Dr. Amos N. Robinson was Willie’s father. He was a small town country doctor during the horse and buggy days. I’d like to ask him about his medical training and some of his medical experiences. I’d like for him to fully describe that cigar-shaped UFO that he saw — probably in about 1897. And I’d like to hear more about his famous experience with the vanishing hitchhiker – decades before that became an urban myth.

For more info on those two fascinating tales, check out my previous blog:

James A. Saulters (born 1832) was my father’s grandfather. He fought in the civil war, was captured by the Yankees and imprisoned. Later he was paroled and – as I understand it – he had to walk back home to middle Mississippi. I would like to ask about his war-time experiences… whether he volunteered to serve. I want to know more about the battles he fought in, and how / where he was captured. I want to know about his time as a POW and how long he was incarcerated before he was paroled. I’d like to know what “home” was like when he finally got there — or had his property been despoiled by the Yankees. There’s a family legend about one of my ancestors coming home after the Civil War and just starting over completely — in a new town with a new wife, etc. I wonder if that was this guy.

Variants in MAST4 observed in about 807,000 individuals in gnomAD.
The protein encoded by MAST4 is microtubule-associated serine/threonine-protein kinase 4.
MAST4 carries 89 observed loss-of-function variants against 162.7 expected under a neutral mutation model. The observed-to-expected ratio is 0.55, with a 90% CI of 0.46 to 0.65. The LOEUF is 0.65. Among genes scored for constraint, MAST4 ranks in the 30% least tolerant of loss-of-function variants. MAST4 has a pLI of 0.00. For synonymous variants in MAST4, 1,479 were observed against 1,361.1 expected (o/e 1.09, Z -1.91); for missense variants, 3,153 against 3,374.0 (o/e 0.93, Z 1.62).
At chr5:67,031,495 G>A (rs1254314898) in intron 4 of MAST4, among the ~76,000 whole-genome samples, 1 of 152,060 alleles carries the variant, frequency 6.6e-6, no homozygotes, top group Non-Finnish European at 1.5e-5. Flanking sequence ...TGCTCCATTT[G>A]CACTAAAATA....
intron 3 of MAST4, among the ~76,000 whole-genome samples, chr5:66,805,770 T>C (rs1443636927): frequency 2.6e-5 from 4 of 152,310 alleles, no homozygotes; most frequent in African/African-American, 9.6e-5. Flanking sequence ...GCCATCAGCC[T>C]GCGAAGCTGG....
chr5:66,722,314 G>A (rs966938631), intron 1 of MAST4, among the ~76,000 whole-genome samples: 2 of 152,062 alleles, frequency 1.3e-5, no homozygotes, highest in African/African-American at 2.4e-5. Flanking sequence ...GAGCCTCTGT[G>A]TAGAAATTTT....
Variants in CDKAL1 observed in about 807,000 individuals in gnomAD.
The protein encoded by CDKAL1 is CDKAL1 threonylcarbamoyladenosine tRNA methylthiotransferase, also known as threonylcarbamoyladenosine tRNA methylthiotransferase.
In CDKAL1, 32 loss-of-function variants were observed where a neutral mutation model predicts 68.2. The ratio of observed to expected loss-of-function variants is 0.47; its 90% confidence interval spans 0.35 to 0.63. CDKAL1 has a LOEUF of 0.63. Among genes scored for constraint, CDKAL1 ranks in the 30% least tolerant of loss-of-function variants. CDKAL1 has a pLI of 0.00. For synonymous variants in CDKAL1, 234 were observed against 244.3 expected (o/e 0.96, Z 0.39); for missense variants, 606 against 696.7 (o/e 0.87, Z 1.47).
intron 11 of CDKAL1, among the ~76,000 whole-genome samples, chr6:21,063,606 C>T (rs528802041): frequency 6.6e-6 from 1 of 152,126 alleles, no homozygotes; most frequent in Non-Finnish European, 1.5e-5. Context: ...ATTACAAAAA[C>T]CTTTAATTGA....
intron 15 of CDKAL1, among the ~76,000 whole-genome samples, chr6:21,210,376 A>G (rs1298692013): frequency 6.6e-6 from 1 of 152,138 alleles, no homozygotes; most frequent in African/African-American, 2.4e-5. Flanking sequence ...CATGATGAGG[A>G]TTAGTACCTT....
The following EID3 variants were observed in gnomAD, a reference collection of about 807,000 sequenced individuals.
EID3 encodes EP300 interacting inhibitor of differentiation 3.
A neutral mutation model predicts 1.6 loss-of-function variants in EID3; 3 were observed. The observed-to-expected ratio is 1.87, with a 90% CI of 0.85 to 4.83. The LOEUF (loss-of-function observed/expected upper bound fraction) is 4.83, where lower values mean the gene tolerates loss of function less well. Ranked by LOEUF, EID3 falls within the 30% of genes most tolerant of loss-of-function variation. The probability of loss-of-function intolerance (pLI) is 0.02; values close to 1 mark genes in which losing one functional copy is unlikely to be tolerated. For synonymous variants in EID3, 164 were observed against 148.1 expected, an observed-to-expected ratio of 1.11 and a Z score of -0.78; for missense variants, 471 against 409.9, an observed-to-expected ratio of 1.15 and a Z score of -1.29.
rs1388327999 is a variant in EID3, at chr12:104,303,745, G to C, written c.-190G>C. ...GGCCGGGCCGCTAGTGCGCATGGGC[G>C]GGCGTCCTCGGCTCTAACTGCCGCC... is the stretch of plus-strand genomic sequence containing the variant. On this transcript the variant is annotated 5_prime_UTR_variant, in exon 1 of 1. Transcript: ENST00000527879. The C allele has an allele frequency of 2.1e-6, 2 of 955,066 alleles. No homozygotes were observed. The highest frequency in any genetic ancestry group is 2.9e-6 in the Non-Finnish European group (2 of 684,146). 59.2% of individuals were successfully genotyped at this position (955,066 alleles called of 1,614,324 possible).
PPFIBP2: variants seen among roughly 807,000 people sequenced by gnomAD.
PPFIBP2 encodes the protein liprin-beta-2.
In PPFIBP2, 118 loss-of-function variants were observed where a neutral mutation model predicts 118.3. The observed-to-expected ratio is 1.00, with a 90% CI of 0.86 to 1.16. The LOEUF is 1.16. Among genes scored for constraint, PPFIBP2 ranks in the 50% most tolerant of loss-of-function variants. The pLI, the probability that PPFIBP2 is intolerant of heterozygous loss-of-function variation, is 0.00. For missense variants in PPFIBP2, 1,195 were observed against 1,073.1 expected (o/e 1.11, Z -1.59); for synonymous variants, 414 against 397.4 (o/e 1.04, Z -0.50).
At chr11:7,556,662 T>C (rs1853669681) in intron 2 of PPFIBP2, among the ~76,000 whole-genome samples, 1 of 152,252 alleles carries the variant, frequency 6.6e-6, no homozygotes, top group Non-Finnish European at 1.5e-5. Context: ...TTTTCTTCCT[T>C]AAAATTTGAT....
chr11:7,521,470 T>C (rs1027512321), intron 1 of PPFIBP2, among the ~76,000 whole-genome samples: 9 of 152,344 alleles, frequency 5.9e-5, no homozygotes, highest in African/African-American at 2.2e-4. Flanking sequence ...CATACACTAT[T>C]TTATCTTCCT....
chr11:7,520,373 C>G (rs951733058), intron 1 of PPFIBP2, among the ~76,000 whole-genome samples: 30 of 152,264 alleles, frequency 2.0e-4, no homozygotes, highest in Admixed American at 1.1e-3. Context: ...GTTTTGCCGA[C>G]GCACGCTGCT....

Summary:

So even though I wouldn’t wish to spend a full year with these ancestors, I do think I’d enjoy about two weeks with each of these three. Then I could spend the other 46 weeks of that year writing about what I’d learned from them.

Question:

What about YOU? Any particular ancestor you’d like to spend some time with? How long?

[JLS # 552]

About Jeff Salter